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intelWhile Microsoft went down in flames on antitrust issues long ago, Intel had until recently escaped the ire of government regulators. But today, the New York Attorney General filed an antitrust suit against the world’s biggest chip maker.

The lawsuit echoes allegations made by the European Union, which in May levied a $1.45 billion fine against Intel for setting up deals with PC makers and retailers that excluded its main competitor, Advanced Micro Devices, from getting market access. Such actions happen all the time, but companies with monopoly power aren’t allowed to throw their weight around like this under antitrust laws.

“Intel has engaged in a systematic worldwide campaign of illegal, exclusionary
conduct to maintain its monopoly power and prices in the market for x86 microprocessors, the
‘brains’ of PCs,” the lawsuit by New York attorney general Andrew Cuomo says. “By exacting exclusive or near-exclusive agreements from large computer makers, in exchange for payments totaling billions of dollars, and threatening retaliation against any company that did not heed its wishes, Intel robbed its competitors of the opportunity to challenge Intel’s dominance in key segments of the market. This illegal behavior was highly detrimental to consumers, competition, and innovation.”

The suit was filed in federal court in Delaware. A lot of the allegations mirror the evidence released by the EU in September. Intel has denied wrongdoing in the EU case and is appealing. It argues that it gives incentives that leave PC makers with plenty of choice and that its actions have led to constantly falling prices for consumers. AMD argues that Intel is essentially paying customers not to use AMD, which has about a fifth of the PC microprocessor market.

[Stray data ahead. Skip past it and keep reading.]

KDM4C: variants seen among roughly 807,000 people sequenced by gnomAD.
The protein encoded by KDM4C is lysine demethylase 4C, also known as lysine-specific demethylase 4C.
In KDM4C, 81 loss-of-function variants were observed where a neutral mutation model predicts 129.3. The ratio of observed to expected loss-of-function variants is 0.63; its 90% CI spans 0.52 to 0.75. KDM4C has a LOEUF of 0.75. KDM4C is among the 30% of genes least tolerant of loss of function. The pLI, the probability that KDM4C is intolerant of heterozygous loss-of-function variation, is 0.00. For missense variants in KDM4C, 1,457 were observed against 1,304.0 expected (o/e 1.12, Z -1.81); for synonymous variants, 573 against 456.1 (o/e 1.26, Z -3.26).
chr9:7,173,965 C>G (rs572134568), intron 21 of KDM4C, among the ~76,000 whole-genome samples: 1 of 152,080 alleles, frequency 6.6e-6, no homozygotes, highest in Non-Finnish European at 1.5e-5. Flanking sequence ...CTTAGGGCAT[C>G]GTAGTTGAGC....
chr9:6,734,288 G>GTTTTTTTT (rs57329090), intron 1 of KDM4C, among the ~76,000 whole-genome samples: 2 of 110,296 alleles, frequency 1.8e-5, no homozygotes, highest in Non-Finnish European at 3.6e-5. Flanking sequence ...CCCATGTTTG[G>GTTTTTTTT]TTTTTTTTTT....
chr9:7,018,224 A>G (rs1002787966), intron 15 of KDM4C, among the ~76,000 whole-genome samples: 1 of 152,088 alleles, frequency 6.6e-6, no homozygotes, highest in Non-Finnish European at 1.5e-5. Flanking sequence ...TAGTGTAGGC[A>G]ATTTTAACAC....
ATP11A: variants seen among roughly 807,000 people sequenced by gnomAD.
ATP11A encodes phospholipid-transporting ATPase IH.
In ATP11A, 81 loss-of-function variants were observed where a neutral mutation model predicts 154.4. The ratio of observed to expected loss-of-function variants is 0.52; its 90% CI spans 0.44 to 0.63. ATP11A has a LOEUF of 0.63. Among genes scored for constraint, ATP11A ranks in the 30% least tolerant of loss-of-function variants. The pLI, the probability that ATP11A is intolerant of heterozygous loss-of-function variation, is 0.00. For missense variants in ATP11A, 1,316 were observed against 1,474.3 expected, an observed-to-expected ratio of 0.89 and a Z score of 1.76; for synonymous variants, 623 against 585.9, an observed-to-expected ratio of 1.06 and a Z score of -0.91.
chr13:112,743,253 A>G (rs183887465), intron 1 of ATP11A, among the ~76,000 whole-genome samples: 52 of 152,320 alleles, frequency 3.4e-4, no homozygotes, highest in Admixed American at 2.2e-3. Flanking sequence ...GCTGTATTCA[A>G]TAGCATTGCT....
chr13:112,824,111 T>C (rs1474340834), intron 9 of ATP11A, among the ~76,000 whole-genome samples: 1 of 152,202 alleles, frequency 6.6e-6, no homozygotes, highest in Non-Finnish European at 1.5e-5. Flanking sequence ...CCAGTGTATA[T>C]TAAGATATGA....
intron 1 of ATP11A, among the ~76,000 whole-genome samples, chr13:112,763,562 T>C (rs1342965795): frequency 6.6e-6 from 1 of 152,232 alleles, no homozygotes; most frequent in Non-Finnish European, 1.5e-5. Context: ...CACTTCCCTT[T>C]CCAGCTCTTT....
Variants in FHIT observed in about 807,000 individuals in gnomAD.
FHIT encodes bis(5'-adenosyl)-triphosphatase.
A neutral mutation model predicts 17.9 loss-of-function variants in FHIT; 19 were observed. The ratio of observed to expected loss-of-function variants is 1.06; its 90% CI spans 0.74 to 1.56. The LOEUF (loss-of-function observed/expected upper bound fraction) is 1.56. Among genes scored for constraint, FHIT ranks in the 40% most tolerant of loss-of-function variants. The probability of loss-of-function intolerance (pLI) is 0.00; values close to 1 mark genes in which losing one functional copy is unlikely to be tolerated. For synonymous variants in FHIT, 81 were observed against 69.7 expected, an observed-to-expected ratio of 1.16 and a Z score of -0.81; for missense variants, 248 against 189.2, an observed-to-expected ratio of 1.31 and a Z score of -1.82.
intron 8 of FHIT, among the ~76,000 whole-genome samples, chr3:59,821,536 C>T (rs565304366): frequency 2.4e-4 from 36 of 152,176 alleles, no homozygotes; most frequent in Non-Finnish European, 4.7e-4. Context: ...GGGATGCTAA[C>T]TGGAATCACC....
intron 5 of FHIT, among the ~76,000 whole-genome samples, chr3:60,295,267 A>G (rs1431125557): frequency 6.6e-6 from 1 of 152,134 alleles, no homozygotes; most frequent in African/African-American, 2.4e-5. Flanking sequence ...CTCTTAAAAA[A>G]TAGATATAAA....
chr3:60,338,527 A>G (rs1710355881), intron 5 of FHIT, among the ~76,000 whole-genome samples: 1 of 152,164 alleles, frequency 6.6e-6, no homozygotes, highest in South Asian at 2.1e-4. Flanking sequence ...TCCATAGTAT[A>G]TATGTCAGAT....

In a statement, AMD executive vice president Tom McCoy said, “The New York Attorney General’s 83-page complaint details explicit evidence of Intel’s harm to U.S. consumers and computer manufacturers. Stopping that illegal harm will serve the settled purpose of the American antitrust laws: ensuring that innovation is unconstrained and competition is free to serve consumers.”

Intel hasn’t commented yet. The New York lawsuit is filed on behalf of New York consumers. It is one more headache for Intel, which faces a Federal Trade Commission investigation as well a big private antitrust lawsuit from AMD.

[Update: Tom Beermann, an Intel spokesman, said, “We disagree with the decision to file suit in the matter. This covers the same ground we have been dealing with in the private litigation with AMD since 2005. Since that time, both companies have spent hundreds of millions of dollars and given 2,200 hours of depositions in that matter. It raises the question that, when that trial is set to begin in six months, why now? Neither consumers, who have benefited from innovation and low prices, nor justice are being served by the decision to file a case now.”

He added, “Much of it does appear to cover the same territory and same tired arguments that AMD has been putting forth for the past 4.5 years.”]


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